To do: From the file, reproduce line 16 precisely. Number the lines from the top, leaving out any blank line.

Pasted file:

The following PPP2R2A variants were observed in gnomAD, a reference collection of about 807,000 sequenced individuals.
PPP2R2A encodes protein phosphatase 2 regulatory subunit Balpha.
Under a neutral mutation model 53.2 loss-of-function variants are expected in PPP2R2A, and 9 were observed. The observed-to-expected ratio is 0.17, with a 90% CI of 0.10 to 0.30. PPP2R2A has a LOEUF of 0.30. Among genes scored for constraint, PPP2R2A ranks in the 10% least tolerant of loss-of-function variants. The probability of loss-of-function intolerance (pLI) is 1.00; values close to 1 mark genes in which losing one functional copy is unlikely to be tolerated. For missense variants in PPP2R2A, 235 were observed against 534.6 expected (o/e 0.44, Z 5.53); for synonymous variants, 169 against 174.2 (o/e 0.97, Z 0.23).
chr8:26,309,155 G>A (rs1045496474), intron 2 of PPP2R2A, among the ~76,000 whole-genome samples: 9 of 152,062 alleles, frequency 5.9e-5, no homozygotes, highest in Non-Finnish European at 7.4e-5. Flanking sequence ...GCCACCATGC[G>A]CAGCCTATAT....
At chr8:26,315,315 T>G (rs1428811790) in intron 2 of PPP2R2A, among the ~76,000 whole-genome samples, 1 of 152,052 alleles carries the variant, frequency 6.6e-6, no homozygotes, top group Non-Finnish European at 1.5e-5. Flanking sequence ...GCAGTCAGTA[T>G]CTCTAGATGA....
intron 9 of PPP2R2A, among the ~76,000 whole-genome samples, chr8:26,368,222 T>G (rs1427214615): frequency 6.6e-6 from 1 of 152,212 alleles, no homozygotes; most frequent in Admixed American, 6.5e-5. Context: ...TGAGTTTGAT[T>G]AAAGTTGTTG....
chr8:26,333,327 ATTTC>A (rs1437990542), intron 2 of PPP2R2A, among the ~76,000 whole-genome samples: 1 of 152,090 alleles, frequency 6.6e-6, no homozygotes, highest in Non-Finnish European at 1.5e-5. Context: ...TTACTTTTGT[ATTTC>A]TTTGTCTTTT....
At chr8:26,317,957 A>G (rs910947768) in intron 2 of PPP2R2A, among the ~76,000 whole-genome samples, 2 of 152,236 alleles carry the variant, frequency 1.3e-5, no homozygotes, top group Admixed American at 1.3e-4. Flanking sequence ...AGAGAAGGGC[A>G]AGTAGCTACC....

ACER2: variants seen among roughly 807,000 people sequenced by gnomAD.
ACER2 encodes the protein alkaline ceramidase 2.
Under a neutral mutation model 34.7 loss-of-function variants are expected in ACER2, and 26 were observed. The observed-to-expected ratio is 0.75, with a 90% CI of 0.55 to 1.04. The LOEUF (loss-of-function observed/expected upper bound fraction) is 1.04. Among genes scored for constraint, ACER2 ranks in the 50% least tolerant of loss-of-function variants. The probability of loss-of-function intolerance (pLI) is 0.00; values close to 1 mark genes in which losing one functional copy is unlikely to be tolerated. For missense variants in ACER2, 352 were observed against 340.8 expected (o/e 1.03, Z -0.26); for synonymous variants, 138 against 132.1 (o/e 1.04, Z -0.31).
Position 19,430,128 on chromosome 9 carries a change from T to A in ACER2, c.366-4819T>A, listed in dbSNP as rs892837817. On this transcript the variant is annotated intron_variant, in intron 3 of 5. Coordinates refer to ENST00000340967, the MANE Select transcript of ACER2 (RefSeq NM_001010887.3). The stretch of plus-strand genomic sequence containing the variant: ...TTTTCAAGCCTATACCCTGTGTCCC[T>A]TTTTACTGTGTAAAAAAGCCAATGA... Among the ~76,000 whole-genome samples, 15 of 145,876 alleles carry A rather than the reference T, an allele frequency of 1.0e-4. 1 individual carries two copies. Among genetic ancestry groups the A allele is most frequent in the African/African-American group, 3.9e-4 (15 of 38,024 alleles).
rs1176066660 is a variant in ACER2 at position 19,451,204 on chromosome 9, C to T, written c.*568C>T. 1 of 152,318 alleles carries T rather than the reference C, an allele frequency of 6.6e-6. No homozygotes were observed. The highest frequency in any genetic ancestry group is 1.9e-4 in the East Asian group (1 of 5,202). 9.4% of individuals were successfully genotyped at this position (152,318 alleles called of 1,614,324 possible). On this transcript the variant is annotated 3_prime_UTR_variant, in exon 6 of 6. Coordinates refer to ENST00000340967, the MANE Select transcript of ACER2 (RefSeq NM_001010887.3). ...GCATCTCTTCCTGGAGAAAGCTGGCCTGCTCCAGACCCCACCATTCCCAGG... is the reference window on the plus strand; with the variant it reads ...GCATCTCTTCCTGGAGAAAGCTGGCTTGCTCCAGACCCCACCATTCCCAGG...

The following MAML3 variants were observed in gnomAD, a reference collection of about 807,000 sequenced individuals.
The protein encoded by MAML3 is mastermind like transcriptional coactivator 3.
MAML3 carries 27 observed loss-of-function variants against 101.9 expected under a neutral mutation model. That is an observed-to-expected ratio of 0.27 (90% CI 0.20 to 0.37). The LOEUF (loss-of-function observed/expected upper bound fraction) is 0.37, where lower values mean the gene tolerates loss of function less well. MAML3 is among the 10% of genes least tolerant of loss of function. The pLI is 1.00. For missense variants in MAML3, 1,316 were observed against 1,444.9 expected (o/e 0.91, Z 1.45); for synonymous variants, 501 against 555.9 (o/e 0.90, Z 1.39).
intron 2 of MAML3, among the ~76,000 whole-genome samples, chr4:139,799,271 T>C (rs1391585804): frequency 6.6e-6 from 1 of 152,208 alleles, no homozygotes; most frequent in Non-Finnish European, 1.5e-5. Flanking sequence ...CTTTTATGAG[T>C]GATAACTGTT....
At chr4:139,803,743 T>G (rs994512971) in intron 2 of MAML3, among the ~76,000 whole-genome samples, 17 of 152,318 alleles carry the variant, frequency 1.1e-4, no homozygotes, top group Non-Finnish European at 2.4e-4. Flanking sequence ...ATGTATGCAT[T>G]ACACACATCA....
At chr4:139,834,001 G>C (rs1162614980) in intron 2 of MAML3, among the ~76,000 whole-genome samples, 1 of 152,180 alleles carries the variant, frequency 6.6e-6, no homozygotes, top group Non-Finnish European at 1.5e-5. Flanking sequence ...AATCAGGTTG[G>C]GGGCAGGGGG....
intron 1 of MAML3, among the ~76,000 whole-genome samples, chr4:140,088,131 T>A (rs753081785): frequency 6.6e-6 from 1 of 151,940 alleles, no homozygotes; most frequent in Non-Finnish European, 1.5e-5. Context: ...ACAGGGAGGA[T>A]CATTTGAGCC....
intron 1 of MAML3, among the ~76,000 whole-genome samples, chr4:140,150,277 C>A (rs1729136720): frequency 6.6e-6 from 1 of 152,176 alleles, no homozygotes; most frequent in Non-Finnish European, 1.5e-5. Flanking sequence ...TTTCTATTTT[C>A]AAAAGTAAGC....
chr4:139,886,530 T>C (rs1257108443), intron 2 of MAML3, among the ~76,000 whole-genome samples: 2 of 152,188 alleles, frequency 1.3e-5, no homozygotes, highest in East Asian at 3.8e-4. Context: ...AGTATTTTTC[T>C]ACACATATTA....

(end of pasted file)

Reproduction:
MAML3 carries 27 observed loss-of-function variants against 101.9 expected under a neutral mutation model. That is an observed-to-expected ratio of 0.27 (90% CI 0.20 to 0.37). The LOEUF (loss-of-function observed/expected upper bound fraction) is 0.37, where lower values mean the gene tolerates loss of function less well. MAML3 is among the 10% of genes least tolerant of loss of function. The pLI is 1.00. For missense variants in MAML3, 1,316 were observed against 1,444.9 expected (o/e 0.91, Z 1.45); for synonymous variants, 501 against 555.9 (o/e 0.90, Z 1.39).